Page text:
What looked on Jan. 28 to be Israeli Prime Minister Benjamin Netanyahu’s greatest achievement — a joyous ceremony at the White House during which President Donald Trump gave the Israeli right the best diplomatic gift of all time — has since turned into an electoral burden. This about-face is due to Netanyahu’s inability to realize the promise he made to impose sovereignty on the West Bank before elections scheduled for March 2.
As Trump said at the ceremony, his plan gives Israel 30% of the territory on the West Bank and allows it to annex all of the settlements after the formation of a “joint committee” to finalize the details. Netanyahu ignored this little condition, and with the encouragement of the American ambassador to Israel, David Friedman, told Israeli journalists after the ceremony that sovereignty would be enacted immediately, that he would gather the government to authorize it upon his return to Israel. It turned out that this had not been coordinated with White House seniors Jared Kushner and Jason Greenblatt, the architects of the plan, who rejected sovereignty before the elections and before the joint committee completed its work.
Netanyahu was thus forced to retreat, and after several days of silence on the subject admitted on Feb. 4 that the highly significant move would be postponed until after the elections, if he is elected. At a campaign event in Beit Shemesh, he said, “When we win, we will impose Israeli law on all the Jewish settlements in the Jordan Valley and Judea and Samaria [West Bank].”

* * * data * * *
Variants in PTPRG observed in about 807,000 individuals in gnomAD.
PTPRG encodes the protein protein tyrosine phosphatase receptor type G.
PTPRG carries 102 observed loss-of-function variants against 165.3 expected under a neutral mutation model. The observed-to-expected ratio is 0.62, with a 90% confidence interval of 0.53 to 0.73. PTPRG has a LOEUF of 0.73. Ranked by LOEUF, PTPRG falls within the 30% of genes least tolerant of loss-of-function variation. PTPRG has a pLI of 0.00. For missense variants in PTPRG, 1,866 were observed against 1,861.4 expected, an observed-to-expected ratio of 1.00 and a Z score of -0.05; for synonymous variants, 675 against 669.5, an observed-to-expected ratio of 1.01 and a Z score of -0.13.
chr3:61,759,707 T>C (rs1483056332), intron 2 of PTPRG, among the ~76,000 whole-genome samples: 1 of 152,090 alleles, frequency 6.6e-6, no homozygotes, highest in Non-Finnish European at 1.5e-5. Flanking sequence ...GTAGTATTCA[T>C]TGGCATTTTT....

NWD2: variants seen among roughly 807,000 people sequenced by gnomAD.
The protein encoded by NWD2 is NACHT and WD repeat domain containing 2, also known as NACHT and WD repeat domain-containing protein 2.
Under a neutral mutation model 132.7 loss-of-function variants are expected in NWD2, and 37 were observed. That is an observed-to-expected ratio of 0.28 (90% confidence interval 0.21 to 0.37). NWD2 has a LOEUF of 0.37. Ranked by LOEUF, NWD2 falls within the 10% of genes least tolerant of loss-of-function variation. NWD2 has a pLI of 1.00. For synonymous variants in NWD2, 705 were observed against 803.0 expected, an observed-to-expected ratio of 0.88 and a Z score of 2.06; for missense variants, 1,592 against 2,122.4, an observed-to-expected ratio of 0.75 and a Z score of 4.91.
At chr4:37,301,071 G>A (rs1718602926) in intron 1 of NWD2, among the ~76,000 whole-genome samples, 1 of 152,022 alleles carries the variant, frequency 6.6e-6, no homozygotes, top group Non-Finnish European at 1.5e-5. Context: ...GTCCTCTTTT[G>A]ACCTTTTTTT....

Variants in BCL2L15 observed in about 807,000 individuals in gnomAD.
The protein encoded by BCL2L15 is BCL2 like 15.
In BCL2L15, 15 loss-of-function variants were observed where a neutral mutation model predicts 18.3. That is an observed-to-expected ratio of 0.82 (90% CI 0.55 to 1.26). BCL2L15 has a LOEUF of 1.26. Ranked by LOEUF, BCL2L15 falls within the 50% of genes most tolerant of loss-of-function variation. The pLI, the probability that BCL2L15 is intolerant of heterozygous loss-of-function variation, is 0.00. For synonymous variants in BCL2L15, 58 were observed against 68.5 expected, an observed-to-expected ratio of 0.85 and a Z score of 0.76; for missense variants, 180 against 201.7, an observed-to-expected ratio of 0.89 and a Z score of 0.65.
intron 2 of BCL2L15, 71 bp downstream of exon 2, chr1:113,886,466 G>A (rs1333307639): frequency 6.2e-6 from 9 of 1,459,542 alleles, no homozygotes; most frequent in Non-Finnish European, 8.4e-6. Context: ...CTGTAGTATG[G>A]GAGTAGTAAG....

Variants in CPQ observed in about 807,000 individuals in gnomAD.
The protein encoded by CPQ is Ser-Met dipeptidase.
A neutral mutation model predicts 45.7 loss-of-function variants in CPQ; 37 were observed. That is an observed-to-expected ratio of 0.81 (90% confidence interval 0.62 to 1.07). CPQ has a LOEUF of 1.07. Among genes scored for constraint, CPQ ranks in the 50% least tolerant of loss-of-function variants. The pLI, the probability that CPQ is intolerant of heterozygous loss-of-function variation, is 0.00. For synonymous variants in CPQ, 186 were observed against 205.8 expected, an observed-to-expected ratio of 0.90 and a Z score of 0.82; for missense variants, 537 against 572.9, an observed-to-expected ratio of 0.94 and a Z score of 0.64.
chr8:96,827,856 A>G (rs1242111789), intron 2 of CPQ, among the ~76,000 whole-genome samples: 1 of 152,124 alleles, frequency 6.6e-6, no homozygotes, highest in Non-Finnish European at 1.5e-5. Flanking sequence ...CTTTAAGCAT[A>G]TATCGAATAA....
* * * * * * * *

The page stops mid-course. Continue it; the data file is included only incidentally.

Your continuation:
Netanyahu’s retreat on such a big promise so damages his credibility on the right that it could have electoral repercussions. In the September elections, the Likud received around a quarter of the settler vote, or about a mandate and a half, and even more than that from religious Zionists in general and the ideological right that supports the concept of the Land of Israel.
In the meantime, the settlers' Yesha Council isn’t wasting time and has launched a campaign to push for enacting Israeli sovereignty over the West Bank. Yossi Dagan, head of the Samaria Regional Council, said on Feb. 2 that Netanyahu must impose sovereignty now even if the administration in Washington opposes it. According to Dagan, Trump must be told, “We truly respect you, but the State of Israel is a sovereign nation. We will impose sovereignty whether you change your mind or not.”
Dagan further said, “We all respect the president of the United States, Trump, who leans in Israel’s favor much more than his predecessors, but Mr. Prime Minister, we elected you in an election in the State of Israel, we didn’t elect Trump, we didn’t even elect Jared Kushner. The State of Israel is not a banana republic. We won’t be a tool for the internal intrigue within the White House. Sovereignty is the right and strategic thing. It’s what the citizens of the State of Israel expect of you, and this is what you declared at the White House.”
David Alhayani, head of the Yesha Council, remarked to Al-Monitor, “I made a big mistake. The Americans have led us astray. I was in Washington. We sat with a senior member of Trump’s administration who told us, ‘If in 48 hours the Palestinians don’t join the agreement, you can enact sovereignty.’ The fact of the matter now is that there is zero sovereignty, and without the agreement of the Americans, Netanyahu can’t annex a millimeter. We should take this agreement and throw it in the trash. It’s an existential threat to the State of Israel.”